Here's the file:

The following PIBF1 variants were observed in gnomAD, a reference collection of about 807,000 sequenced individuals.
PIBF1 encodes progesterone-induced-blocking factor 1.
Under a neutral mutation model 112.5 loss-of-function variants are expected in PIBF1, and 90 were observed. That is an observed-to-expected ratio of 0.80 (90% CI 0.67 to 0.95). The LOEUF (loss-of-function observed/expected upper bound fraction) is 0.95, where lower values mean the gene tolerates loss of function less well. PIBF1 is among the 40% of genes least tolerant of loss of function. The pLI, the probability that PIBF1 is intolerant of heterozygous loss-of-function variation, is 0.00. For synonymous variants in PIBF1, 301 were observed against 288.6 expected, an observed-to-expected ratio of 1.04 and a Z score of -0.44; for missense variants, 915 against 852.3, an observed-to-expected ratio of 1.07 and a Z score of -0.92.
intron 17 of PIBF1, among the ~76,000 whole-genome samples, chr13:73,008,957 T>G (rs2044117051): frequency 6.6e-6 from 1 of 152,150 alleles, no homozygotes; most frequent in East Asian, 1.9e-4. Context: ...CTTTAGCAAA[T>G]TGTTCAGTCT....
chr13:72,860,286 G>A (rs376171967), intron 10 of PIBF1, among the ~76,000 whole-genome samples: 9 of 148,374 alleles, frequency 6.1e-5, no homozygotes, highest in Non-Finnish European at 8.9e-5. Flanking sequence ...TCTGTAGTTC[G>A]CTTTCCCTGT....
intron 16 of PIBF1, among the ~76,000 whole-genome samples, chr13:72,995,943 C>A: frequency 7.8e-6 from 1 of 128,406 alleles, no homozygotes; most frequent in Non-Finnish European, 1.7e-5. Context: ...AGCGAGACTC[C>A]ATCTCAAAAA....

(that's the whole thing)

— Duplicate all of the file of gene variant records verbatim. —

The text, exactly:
The following PIBF1 variants were observed in gnomAD, a reference collection of about 807,000 sequenced individuals.
PIBF1 encodes progesterone-induced-blocking factor 1.
Under a neutral mutation model 112.5 loss-of-function variants are expected in PIBF1, and 90 were observed. That is an observed-to-expected ratio of 0.80 (90% CI 0.67 to 0.95). The LOEUF (loss-of-function observed/expected upper bound fraction) is 0.95, where lower values mean the gene tolerates loss of function less well. PIBF1 is among the 40% of genes least tolerant of loss of function. The pLI, the probability that PIBF1 is intolerant of heterozygous loss-of-function variation, is 0.00. For synonymous variants in PIBF1, 301 were observed against 288.6 expected, an observed-to-expected ratio of 1.04 and a Z score of -0.44; for missense variants, 915 against 852.3, an observed-to-expected ratio of 1.07 and a Z score of -0.92.
intron 17 of PIBF1, among the ~76,000 whole-genome samples, chr13:73,008,957 T>G (rs2044117051): frequency 6.6e-6 from 1 of 152,150 alleles, no homozygotes; most frequent in East Asian, 1.9e-4. Context: ...CTTTAGCAAA[T>G]TGTTCAGTCT....
chr13:72,860,286 G>A (rs376171967), intron 10 of PIBF1, among the ~76,000 whole-genome samples: 9 of 148,374 alleles, frequency 6.1e-5, no homozygotes, highest in Non-Finnish European at 8.9e-5. Flanking sequence ...TCTGTAGTTC[G>A]CTTTCCCTGT....
intron 16 of PIBF1, among the ~76,000 whole-genome samples, chr13:72,995,943 C>A: frequency 7.8e-6 from 1 of 128,406 alleles, no homozygotes; most frequent in Non-Finnish European, 1.7e-5. Context: ...AGCGAGACTC[C>A]ATCTCAAAAA....